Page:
# MAG-1000 Balancer VERSUS the Nail in the Wall

Discussion in 'Magna-Matic' started by Magna-Matic, Sep 18, 2013.

2. ### Magna-MaticSponsorfrom Waldo, WisconsinPosts: 827

Hello All,

Here is a part of the bulletin which defines UNBALANCE.

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Unbalance, what is it?
Only rotors in motion (bodies that are connected to a shaft) have the unique physical property called unbalance.
There are three types of unbalance known today they are as follows:

Static Unbalance is when the center of mass and the center of rotation do not coincide. (not in the same location)

Couple Unbalance is when there are two unbalance conditions that may have the same magnitude, but their direction may be offset by 180ยบ relative to each other. This can create a wobble in a rotor.

Dynamic Unbalance is the same as couple unbalance except for the rotor may have infinite unbalances and may be distributed at random along the axis of its rotation.

How is Unbalance detected or measured?
Static unbalance detection is a measure of gravitational force.
This detection method is commonly referred to as static balancing.

Couple and Dynamic unbalance detection is a measure of centrifugal force and requires the rotor to be power rotated (spun).
This detection method is commonly referred to as dynamic balancing.

What are some examples of rotors that would use static balancing?
The method of static balancing is typically used for single plane rotors that are thin, such as a lawnmower blades, circular saw blades, abrasive cut-off wheels, narrow pulleys, flywheels, impellers, clutches, fan blades, etc.

What are some examples of rotors that would use dynamic balancing?
The method of dynamic balancing is typically used for multiple plane rotors or rotors that are very deep, such as motor armatures, drums, turbines, multiple rotors on the same shaft, complex asymmetrical parts, wide car wheels etc.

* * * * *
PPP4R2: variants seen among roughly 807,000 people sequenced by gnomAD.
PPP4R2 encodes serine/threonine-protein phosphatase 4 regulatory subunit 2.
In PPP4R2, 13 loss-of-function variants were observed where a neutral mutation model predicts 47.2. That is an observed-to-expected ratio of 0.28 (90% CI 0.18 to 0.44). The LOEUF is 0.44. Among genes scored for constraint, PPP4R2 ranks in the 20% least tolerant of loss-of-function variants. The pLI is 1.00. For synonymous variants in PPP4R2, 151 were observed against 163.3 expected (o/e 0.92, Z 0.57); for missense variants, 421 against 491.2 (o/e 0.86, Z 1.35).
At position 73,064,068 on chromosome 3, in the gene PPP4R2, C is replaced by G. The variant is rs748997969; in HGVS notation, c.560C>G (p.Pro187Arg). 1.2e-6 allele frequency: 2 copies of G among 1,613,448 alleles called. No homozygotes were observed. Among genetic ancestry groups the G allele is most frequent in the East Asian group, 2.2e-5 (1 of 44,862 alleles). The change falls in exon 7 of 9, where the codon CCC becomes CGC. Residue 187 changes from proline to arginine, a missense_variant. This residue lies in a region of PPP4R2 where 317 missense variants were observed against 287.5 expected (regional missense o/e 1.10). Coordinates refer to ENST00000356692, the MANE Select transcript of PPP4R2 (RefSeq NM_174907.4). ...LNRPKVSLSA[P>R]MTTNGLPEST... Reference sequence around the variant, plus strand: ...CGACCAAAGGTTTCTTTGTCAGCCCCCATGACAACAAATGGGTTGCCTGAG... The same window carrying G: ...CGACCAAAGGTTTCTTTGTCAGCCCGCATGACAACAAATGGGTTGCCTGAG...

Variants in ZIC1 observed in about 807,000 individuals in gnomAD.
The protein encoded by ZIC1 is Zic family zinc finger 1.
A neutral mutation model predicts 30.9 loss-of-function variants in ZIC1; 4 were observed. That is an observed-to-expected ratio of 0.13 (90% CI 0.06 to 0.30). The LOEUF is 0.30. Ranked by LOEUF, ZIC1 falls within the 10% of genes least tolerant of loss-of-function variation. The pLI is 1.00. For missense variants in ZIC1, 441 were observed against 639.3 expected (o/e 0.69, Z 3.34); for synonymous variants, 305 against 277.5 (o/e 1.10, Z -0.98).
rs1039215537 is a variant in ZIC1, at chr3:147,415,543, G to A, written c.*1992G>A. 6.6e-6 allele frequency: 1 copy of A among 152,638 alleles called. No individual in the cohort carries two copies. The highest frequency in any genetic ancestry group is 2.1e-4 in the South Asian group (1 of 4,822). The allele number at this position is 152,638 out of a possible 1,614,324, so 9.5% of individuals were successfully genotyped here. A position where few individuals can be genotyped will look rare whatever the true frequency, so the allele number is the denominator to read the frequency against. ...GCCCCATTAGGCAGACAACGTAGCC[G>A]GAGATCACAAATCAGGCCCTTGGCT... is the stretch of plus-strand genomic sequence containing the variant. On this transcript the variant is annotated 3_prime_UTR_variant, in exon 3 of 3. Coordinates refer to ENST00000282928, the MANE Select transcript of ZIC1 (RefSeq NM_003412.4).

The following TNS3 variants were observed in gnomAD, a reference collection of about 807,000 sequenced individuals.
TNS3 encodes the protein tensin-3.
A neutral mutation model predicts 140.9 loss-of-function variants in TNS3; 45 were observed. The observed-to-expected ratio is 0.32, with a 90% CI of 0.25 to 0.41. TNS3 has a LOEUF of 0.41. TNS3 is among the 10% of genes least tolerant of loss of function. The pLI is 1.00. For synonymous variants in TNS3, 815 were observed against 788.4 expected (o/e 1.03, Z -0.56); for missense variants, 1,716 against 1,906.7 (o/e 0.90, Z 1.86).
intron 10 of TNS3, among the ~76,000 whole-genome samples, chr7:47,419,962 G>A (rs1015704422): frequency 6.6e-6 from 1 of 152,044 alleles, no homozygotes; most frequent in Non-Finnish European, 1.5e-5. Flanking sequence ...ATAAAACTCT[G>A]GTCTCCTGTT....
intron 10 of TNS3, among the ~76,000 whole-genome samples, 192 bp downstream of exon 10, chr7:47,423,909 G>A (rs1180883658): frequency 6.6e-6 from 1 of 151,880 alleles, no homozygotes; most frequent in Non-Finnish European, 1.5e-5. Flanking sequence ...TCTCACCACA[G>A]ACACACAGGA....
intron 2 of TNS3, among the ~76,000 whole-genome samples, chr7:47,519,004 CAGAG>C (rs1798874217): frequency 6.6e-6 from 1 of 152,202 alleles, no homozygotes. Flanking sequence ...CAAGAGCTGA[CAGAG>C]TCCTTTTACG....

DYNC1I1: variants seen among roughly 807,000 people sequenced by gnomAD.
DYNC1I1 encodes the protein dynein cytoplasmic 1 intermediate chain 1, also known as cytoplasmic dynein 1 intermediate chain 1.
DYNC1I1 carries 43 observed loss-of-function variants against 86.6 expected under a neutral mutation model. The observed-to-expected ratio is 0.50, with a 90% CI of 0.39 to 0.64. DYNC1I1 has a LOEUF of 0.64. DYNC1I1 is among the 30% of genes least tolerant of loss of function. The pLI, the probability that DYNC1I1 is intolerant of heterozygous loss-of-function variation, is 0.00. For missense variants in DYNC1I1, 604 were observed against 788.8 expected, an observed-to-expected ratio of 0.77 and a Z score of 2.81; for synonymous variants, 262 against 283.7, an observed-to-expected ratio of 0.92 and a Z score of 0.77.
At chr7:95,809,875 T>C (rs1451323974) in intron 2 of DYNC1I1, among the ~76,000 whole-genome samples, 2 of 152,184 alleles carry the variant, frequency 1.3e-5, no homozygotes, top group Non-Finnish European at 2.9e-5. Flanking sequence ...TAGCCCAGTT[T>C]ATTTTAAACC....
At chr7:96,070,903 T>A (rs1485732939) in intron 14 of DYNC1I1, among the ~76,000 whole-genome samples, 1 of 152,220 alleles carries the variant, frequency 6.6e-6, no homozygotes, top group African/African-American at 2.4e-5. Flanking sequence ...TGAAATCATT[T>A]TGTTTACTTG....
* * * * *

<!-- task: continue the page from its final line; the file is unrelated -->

Why use static balancing for lawnmower blades?
Static unbalance detection is the most economical for servicing and manufacturing lawnmower blades and discs.
Dynamic balancing is not commonly used for servicing or manufacturing lawnmower blades because dynamic balancing
instruments are very expensive and not required for single plane rotors such as the lawnmower blade.
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The excerpt above comes from the Magna-Matic EDUCATIONAL BULLETIN SERIES "Understanding Balance, and why a nail in the wall is not a useful measure of balance"

3. ### CQ_DXLawnSite Memberfrom MAPosts: 67

We have a wall with numerous blades hanging all over it. (Show & Tell) My favorite is a blade that is hanging on a nail. The left end of the blade always dips down (heavier) while the right end with the blade numbering is always up (lighter).

New customers are asked which is the heavier end? Most say the end dipping down. (Sad some cannot figure this out - - until they are given a see-saw analogy). This blade is then taken off of the nail and put on the Magna-Matic 1000 balancer. Imagine their surprise as they watch the numbered end of the blade slowly dip down.

At this point they come face-to-face with reality - and the precision of the MAG-1000.